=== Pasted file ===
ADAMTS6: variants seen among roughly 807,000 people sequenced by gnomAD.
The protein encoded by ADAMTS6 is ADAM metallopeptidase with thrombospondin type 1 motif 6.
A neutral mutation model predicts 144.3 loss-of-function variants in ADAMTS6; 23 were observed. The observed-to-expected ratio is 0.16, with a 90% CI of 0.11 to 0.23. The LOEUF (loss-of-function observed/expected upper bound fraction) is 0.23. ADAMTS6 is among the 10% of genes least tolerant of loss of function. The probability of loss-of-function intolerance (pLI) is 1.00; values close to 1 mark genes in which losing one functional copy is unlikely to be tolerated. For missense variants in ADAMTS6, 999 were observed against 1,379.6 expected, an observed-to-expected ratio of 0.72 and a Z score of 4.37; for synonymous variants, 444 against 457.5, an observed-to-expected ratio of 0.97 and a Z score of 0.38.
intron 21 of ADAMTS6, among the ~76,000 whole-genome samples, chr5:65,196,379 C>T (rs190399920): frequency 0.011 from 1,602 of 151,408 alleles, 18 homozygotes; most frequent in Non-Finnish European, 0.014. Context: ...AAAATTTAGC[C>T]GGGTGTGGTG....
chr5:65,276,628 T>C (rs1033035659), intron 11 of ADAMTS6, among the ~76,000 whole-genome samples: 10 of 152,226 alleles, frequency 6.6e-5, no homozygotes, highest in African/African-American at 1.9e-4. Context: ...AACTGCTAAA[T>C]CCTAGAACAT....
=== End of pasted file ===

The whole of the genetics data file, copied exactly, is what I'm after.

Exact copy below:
ADAMTS6: variants seen among roughly 807,000 people sequenced by gnomAD.
The protein encoded by ADAMTS6 is ADAM metallopeptidase with thrombospondin type 1 motif 6.
A neutral mutation model predicts 144.3 loss-of-function variants in ADAMTS6; 23 were observed. The observed-to-expected ratio is 0.16, with a 90% CI of 0.11 to 0.23. The LOEUF (loss-of-function observed/expected upper bound fraction) is 0.23. ADAMTS6 is among the 10% of genes least tolerant of loss of function. The probability of loss-of-function intolerance (pLI) is 1.00; values close to 1 mark genes in which losing one functional copy is unlikely to be tolerated. For missense variants in ADAMTS6, 999 were observed against 1,379.6 expected, an observed-to-expected ratio of 0.72 and a Z score of 4.37; for synonymous variants, 444 against 457.5, an observed-to-expected ratio of 0.97 and a Z score of 0.38.
intron 21 of ADAMTS6, among the ~76,000 whole-genome samples, chr5:65,196,379 C>T (rs190399920): frequency 0.011 from 1,602 of 151,408 alleles, 18 homozygotes; most frequent in Non-Finnish European, 0.014. Context: ...AAAATTTAGC[C>T]GGGTGTGGTG....
chr5:65,276,628 T>C (rs1033035659), intron 11 of ADAMTS6, among the ~76,000 whole-genome samples: 10 of 152,226 alleles, frequency 6.6e-5, no homozygotes, highest in African/African-American at 1.9e-4. Context: ...AACTGCTAAA[T>C]CCTAGAACAT....